The Time of the Treehouse: Pete Nelson’s Sustainable Way of Living

Host of Animal Planet’s Treehouse Masters, Pete Nelson, takes living a sustainable life to a whole other level with his innovative treehouses.

Having a treehouse in a backyard is every kid’s dream––it’s the perfect hideaway. There’s no better way to be one with nature than by wrapping yourself in Mother Earth’s treasures. Animal Planet’s Treehouse Masters’ television host and author Pete Nelson has had a passion for building treehouses since he was 8 years old and while many kids grow out of their childhood aspirations, Nelson never gave up on his––eventually becoming the master of treehouses.

Living in a treehouse might sound crazy to some, but it’s a dream for Nelson. His and his crew’s over-the-top treehouses are scattered throughout the U.S., with one also in Norway. His evergreen homes are available for guests to visit and although Animal Planet is longer airing new episodes of Treehouse Masters, you can bet he’s still designing treehouses for those interested in having a show-stopping abode in their backyard.
 
Nelson’s grandmother knew before Nelson did that he was going to be an architect. Nelson would frequently spend time in his grandfather’s woodshop and build whatever he could. Whether it was installing new floors or carpet or building single-family homes, Nelson loved to get his hands dirty.
 
“I was a frustrated builder,” said Nelson. “The vision I had was clear, but the execution was not. As I grew older, I began to flirt with the idea of trees and design, but I didn’t build them right away.”
 
Once Nelson realized that he was going to be the “treehouse guy,” he put his first advertisement in a local Seattle newspaper and crossed his fingers. As soon as got his first call, Nelson had an epiphany and decided to create a niche that didn’t yet exist––extravagant treehouses.
 
First things first when building a treehouse? Nelson emphasized that it’s important to examine a tree’s health. According to Nelson, you never want to build on a stump that’s not going to thrive when a treehouse is connected to it. He and his team consider many factors prior to constructing, from type of species, trunk diameter and distance between trees to view from, and measurements of the treehouse.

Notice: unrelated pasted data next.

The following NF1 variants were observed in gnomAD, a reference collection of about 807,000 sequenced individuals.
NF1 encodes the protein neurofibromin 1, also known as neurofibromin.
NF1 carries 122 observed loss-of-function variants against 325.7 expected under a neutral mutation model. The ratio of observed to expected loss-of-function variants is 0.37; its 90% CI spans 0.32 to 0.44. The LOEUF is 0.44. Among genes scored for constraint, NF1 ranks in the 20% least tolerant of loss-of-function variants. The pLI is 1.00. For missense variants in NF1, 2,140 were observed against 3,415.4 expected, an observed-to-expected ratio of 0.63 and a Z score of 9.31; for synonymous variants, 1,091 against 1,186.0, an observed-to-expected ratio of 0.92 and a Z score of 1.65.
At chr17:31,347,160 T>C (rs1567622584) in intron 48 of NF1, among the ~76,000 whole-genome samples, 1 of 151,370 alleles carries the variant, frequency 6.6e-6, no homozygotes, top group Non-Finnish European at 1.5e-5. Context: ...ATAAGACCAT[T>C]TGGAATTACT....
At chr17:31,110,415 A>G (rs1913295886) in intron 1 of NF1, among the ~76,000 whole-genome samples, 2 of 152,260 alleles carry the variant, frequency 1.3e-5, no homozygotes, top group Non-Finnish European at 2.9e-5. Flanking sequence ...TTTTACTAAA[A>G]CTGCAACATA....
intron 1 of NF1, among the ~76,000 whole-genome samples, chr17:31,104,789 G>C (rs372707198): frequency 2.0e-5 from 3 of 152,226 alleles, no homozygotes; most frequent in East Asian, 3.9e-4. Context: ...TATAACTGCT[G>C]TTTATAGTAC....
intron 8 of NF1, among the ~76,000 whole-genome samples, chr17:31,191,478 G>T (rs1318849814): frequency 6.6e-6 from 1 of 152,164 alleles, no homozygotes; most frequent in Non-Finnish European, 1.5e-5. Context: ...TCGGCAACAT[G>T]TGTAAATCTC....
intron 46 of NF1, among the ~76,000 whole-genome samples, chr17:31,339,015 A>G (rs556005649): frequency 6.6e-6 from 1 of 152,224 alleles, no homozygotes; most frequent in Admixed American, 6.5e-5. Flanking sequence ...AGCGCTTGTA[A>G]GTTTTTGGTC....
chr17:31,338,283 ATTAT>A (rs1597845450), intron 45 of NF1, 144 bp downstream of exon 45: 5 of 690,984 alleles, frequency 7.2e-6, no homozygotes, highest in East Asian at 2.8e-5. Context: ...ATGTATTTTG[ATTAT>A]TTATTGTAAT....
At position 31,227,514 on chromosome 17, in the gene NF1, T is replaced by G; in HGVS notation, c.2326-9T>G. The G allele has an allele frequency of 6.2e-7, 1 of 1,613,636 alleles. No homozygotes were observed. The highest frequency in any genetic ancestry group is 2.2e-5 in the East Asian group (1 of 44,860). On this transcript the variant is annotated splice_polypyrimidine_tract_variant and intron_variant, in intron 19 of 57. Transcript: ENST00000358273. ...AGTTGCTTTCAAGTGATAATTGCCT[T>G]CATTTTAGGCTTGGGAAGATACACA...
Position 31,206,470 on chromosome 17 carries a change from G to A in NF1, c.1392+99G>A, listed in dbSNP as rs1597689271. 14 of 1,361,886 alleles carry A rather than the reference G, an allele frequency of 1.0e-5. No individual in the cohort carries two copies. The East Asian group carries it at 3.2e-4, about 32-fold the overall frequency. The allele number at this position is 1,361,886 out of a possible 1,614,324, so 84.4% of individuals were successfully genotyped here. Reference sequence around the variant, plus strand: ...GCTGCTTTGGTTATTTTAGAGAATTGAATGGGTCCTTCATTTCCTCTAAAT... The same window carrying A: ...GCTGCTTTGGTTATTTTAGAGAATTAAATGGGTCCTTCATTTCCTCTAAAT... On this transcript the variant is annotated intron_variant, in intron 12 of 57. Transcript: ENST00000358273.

“The health of your tree is crucial to the safety and longevity of your treehouse,” said Nelson. “Trees don’t live forever but they live for a really long time and if you maintain your treehouse and tree, it’s a beautiful way to be ultra sustainable.”
 
When Nelson built single-family homes, he hated seeing the damage it created to the land––especially the trees.
 
“The worst part about building single-family homes was getting the tractor out and ripping up the ground, bending every living thing and pouring concrete,” said Nelson. “When building a treehouse, all you need is a drill, a pile of wood, pencil, paper and boom––you’re ready to go.”
 
While Nelson and many of the clients he’s built for don’t live in a treehouse full-time, the arboreal architect is hopeful that the day will come where living in a treehouse is the norm. According to Nelson, in order to continue popularizing treehouses as actual homes, the relevant authorities need to hop on board and see the potential and positive effects this new way of living has on the Earth.
 
“The truth is, it all begins with the authorities,” said Nelson. “Most bureaucrats don’t want change and when you present these out-of-the-box ideas to the higher-ups and propose investments, they’re not necessarily for it right away. It’s going to take some time to persuade the powers that be, but it’s part of my responsibility to help facilitate that movement.”
 
So if people aren’t living in these wooden wonders, then what are they being used for? According to Nelson:simply get away from everyday life.
 
“People write the checks to have their own treehouse built because they’re looking for an escape,” said Nelson. “In a treehouse there’s no real technology. These spaces are intimate and spending time in them allows you to be present with those around you. We don’t get that one-on-one time anymore in today’s world––so it’s really special.”
 
Nelson’s treehouses aren’t your average walk-in-the-park spaces––he includes features such as kitchens, bathrooms and bedrooms in his treehouses, depending on what the client wants. Who wouldn’t want ane abode ensconsed by beautiful pines, singing birds and the best forest view? This writer is ready to move into a treehouse herself!
 
When it comes to style, Nelson says that he’s a traditionalist.
 
“I love symmetry, clean lines and sharp corners,” said Nelson. “Everyone these days wants a modern house, but I’m a sucker for gable roofs, walls with 90-degree angles and lots of windows.”
 
Treehouses are trending these days and who knows? If the recent worldwide push toward more sustainable building is any indicator, we might be one day wandering in neighborhoods filled with treehouses galore in beautiful evergreens.
 
“I can’t wait for the day to come when people say, ‘Screw it––I’m living in a treehouse,’” said Nelson.
 
Now that’s branching out.